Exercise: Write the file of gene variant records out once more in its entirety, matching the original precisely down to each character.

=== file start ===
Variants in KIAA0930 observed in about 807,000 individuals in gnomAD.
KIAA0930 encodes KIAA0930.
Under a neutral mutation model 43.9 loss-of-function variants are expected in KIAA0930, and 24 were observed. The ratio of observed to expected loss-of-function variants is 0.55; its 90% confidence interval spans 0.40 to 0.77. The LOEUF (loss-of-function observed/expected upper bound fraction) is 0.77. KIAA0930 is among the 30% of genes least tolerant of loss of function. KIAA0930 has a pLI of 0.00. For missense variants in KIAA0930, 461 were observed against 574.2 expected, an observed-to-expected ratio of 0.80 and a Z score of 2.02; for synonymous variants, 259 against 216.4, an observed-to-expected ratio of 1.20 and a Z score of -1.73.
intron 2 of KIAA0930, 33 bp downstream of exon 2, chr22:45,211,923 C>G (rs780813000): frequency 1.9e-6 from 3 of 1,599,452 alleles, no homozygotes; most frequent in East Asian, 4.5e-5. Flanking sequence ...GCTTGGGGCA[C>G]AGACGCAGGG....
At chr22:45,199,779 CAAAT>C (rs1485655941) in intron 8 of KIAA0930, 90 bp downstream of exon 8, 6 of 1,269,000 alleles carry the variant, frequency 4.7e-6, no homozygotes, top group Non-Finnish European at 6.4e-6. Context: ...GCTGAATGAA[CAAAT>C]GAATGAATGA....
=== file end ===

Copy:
Variants in KIAA0930 observed in about 807,000 individuals in gnomAD.
KIAA0930 encodes KIAA0930.
Under a neutral mutation model 43.9 loss-of-function variants are expected in KIAA0930, and 24 were observed. The ratio of observed to expected loss-of-function variants is 0.55; its 90% confidence interval spans 0.40 to 0.77. The LOEUF (loss-of-function observed/expected upper bound fraction) is 0.77. KIAA0930 is among the 30% of genes least tolerant of loss of function. KIAA0930 has a pLI of 0.00. For missense variants in KIAA0930, 461 were observed against 574.2 expected, an observed-to-expected ratio of 0.80 and a Z score of 2.02; for synonymous variants, 259 against 216.4, an observed-to-expected ratio of 1.20 and a Z score of -1.73.
intron 2 of KIAA0930, 33 bp downstream of exon 2, chr22:45,211,923 C>G (rs780813000): frequency 1.9e-6 from 3 of 1,599,452 alleles, no homozygotes; most frequent in East Asian, 4.5e-5. Flanking sequence ...GCTTGGGGCA[C>G]AGACGCAGGG....
At chr22:45,199,779 CAAAT>C (rs1485655941) in intron 8 of KIAA0930, 90 bp downstream of exon 8, 6 of 1,269,000 alleles carry the variant, frequency 4.7e-6, no homozygotes, top group Non-Finnish European at 6.4e-6. Context: ...GCTGAATGAA[CAAAT>C]GAATGAATGA....